It’s okay to be overwhelmed


Overwhelming threats of violence and personal safety makes it hard to want to leave the house, right? As a young adult, I dread what will happen day to day, especially since violence and drug addiction are on the rise in Vermont and all over the U.S.

Just last week Burlington City Police evacuated Church Street to investigate a suspicious bag that was thrown in the bushes by city hall. “They say a person with mental health issues was responsible for placing the suitcase there” (WCAX News).

My company sends me to Church Street almost weekly, and I am scheduled to work in South Burlington next week. Should I be alarmed? It is hard to predict the future or prep yourself for a dangerous event.
The news is rampant with coverage of the newest race riots in Charlotte, which again show what we know to be too true: an African American that appears to not have any weapons and is cooperating, gets shot and killed. His wife, Rakeyia Scott, even took a cell phone video where she is telling the police officers to not shoot and that he is unarmed, and suffers from an Traumatic Brain Injury or TBI.

Meanwhile, the University of Vermont faces a crisis with its efforts in trying to promote their support of the Black Lives Matter campaign. This post and movement from the school went viral with 14,000 shares by famous social justice advocates, writers, and the like. The Washington Post did a full length coverage, until the flag abruptly went missing. Where is the justice in this?

There was a large amount of backlash of course. Republicans and Democracy In Motion, a Twitter account, stated it was “un-American” and that it is a matter of hypocrisy: “Imagine the out-cry if they were to raise a rebel flag,” they said. After the first weekend, the flag was stolen and UVM is still investigating the claims.

This movement on the campus was triggered by the protests and shootings in Charlotte, North Carolina, and of course around the U.S in Dallas, New York, Louisiana, and other states. The removal of the flag is further proving that the BLM movement is a response to hate, and isn’t getting necessary support.

I have been inundated by media reports on the Charlotte riots: a white man dragged through a fire, a police officer suffering a head injury from a brick, a journalist being killed, and so on. How do we fix this? Bernie Sanders released a statement condemming North Carolina Gov. Pat McCrory for declaring a state of emergency, saying it would only fuel the fire. To me, it seems we are only repeating ourselves from Ferguson.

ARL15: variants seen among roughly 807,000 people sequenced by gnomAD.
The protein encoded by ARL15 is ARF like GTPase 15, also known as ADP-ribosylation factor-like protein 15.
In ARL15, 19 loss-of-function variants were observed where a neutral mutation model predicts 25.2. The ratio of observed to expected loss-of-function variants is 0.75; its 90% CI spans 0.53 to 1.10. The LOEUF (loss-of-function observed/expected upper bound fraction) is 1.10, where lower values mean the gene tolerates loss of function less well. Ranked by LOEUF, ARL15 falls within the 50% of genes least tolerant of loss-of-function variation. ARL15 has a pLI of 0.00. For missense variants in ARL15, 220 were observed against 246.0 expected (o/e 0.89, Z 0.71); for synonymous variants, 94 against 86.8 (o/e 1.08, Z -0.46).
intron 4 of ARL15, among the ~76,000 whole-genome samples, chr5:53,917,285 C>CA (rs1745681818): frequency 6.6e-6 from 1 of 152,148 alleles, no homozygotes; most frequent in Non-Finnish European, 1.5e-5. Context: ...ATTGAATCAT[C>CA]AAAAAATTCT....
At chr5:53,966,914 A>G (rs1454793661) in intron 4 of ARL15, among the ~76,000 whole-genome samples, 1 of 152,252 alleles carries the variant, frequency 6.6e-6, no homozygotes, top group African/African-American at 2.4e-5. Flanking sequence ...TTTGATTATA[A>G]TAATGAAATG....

If you Google Ferguson, MO. an interesting mix of things pop up. They are getting a new Starbucks, although the company is wary, Ferguson activist Darren Seals found dead in burning car, and Ferguson gets sued and swears in new police chief. None of the articles have anything positive to say or lead us in a positive direction. It gives me no hope for Charlotte. How many more cities must be destroyed before we pay attention to race relations and police brutality?

If one were to look up Vermont news you would see the opposite side of the violence: drug addiction, specifically, with opiates.

On Friday Sept. 2, Jessica Cantwell, 20, of Morrisville, overdosed in Price Chopper after shooting up in her car. Also in the car were her supplier and a four-year old child. Cantwell has previous charges from last spring for rear-ending a car in Stowe while on heroin.

I have talked to Jessica Cantwell, and she has been reluctant to talk to me, but, can you blame her? She swears she is sober and going to “the clinic” daily.

She posted a plea on Facebook yesterday: “It’s ridiculous how bad people judge one another so fast. You are not better of a person no matter who you are to tell someone they should have died. People cope with their life or problems differently. Drugs were not the right choice; yes, and being sober I realize that now but if you don’t know anything about addiction or have ever been addicted you have no right to put them down…Reading an article doesn’t define them as a person.”

Other recent headlines include stories of other locals: Thomas Zapantis, 34, of Johnson arrested once police found twenty new and used needles and new batches of Heroin called “Donald Trump”, “Blackout”, and “Merry X Mas,” according to Tommy Gardner of the Stowe Reporter.

Similar cases of this have arrived throughout Vermont, with many deaths and arrests occurring. But what is being done? It would be helpful, soothing even, if someone were to investigate that. Peter Shumlin, Vermont governor, said in his State of the Address that opiate addiction has risen 250 percent. With drug addiction, comes a rise in domestic violence, trafficking, and people being arrested.

Recently, policies endorsed by Shumlin are granting those who get caught with illegal drugs to access treatment rather than just go to jail. However there is only one clinic in Vermont with at least a 300 patient wait list.

Addiction, violence, race….it is all daunting. Reading news headline after headline that is morbid taxes the mind and body. As a writer, I try to focus on arts and entertainment because I try to push real and legitimate violence to the back of my mind to physically get through my day. As I get older, and I witness these realities and the presidential election I am reminded that I have a voice and a deep desire to see sustainable change. The time is now folks, we need to be creating the cause for change. REAL change that can protect us and our communities.